A bipartisan pair of senators has introduced legislation that would grant additional visas to Afghan civilians who work alongside U.S. military forces.
The measure, put forward last week by Sens. Jeanne Shaheen Jeanne ShaheenPath to 60 narrows for Trump pick Overnight Finance: Trump stock slump | GOP looks to tax bill for lifeline | Trump repeals 'blacklisting rule' | Dem wants ethics probe into Treasury secretary Overnight Finance: Senators spar over Wall Street at SEC pick's hearing | New CBO score for ObamaCare bill | Agency signs off on Trump DC hotel lease MORE (D-N.H.) and John McCainJohn McCainSenate takes up NATO membership for Montenegro A great military requires greater spending than Trump has proposed Cheney: Russian election interference could be ‘act of war’ MORE (R-Ariz.), would allot 1,000 additional visas for the Special Immigrant Visa (SIV) program, which is set to expire in September.
Kerry wrote that as the U.S. prepares to draw down its forces in Afghanistan by 2016, Washington is “in danger of sending the wrong message to Afghan interpreters and others who risked their lives helping our troops and diplomats do their jobs in Afghanistan over the last decade.”
In a statement, Shaheen said the U.S. must “make good” on promises to Afghanis “who are now living in fear of retribution because they believed in our mission enough to risk their lives for it.”
“They cannot wait; it is essential Congress pass this bipartisan bill so we can come one step closer to keeping that promise for all who served,” she added.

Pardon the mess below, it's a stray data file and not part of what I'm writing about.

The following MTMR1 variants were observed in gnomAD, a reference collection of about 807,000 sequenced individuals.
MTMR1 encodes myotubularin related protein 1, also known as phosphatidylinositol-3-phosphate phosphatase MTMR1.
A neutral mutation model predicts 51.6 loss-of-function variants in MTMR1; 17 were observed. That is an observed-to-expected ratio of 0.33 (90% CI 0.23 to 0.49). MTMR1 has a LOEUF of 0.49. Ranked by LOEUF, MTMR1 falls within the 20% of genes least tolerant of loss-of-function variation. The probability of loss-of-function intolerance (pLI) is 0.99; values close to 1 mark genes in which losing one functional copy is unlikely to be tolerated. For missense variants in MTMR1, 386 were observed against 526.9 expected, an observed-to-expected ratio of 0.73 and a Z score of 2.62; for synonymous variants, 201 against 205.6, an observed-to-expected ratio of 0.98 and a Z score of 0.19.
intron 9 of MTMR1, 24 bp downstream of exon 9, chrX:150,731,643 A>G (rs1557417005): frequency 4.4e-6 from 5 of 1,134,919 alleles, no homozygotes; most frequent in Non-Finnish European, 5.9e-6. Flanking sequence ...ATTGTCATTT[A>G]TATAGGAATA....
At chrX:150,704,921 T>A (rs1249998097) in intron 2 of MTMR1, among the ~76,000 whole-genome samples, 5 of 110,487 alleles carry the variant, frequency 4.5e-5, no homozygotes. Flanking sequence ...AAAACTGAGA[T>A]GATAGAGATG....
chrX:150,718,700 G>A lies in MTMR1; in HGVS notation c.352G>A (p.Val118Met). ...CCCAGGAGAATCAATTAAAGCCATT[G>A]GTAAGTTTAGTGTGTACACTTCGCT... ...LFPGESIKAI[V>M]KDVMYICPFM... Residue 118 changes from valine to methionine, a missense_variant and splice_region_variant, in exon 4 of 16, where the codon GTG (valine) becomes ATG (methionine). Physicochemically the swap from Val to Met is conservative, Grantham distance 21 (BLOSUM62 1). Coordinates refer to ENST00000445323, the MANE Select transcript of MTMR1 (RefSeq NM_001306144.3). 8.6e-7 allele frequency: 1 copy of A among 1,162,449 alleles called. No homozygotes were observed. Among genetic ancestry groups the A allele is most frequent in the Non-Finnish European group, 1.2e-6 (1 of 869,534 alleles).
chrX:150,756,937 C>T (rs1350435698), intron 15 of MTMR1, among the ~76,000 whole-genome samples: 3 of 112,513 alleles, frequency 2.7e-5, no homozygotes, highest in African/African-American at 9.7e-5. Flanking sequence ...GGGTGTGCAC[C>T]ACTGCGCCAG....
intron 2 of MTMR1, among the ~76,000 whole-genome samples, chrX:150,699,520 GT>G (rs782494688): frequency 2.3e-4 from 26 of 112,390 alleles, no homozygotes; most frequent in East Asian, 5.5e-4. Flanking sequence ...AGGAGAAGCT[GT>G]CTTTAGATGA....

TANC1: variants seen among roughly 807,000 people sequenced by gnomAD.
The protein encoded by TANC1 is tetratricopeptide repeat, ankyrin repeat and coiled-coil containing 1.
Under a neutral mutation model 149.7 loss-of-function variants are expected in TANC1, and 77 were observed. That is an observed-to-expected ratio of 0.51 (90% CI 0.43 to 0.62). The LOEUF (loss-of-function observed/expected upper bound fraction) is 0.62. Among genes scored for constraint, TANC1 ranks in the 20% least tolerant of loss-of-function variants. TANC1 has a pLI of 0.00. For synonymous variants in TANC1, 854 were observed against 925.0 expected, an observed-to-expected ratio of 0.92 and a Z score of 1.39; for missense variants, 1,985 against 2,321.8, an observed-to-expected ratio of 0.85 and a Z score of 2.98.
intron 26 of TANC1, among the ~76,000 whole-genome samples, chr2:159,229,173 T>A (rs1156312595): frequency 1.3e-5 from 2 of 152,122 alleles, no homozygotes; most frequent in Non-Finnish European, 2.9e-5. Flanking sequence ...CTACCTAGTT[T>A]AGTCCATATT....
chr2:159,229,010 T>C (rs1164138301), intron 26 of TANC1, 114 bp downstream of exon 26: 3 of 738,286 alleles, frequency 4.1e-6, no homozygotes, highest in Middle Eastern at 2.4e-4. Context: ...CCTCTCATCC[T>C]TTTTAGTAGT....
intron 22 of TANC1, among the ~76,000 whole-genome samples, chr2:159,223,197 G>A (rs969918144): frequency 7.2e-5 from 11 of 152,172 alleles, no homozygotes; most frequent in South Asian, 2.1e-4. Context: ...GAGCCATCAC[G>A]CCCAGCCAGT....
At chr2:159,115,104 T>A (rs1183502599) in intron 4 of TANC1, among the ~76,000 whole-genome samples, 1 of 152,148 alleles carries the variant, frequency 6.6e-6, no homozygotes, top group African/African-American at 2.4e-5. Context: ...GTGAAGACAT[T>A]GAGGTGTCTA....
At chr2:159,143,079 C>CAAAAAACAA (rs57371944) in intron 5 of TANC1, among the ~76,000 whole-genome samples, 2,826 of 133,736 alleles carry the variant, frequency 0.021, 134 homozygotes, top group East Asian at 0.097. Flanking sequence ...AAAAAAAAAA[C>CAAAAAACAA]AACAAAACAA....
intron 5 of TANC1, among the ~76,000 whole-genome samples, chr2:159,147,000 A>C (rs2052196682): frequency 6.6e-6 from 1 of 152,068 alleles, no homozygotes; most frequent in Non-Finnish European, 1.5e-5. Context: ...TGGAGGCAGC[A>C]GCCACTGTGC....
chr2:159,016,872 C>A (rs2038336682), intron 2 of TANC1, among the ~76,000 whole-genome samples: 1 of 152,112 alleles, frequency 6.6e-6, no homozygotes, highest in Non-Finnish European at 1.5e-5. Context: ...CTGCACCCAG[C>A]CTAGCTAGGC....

McCain said that the local assistance has been a “critical resource to our troops throughout the past decade and it would be unconscionable to abandon these brave individuals who are now in danger for their service to the United States’ mission in Afghanistan."
In May, Shaheen and McCain, along with Reps. Earl BlumenauerEarl BlumenauerOvernight Finance: Biz groups endorse Trump's Labor pick | New CBO score coming before health bill vote | Lawmakers push back on public broadcasting cuts Dem, GOP lawmakers push back against Trump’s cuts to public broadcasting Trump: Mar-a-Lago 'most convenient' place to hold VA meeting MORE (D-Ore.) and Adam Kinzinger (R-Ill.), unveiled a billl that would extend the SIV program for another fiscal year and expand the program to allow Afghans who aided the International Security Assistance Force, media outlets and non-profit organizations to apply for visas.
The measure has since been incorporated into the Senate’s version of the 2015 defense authorization bill. Senior lawmakers are still working on an agreement for floor amendments to the policy bill, which was voted out of committee in May.
The State Department did not respond to a request for comment.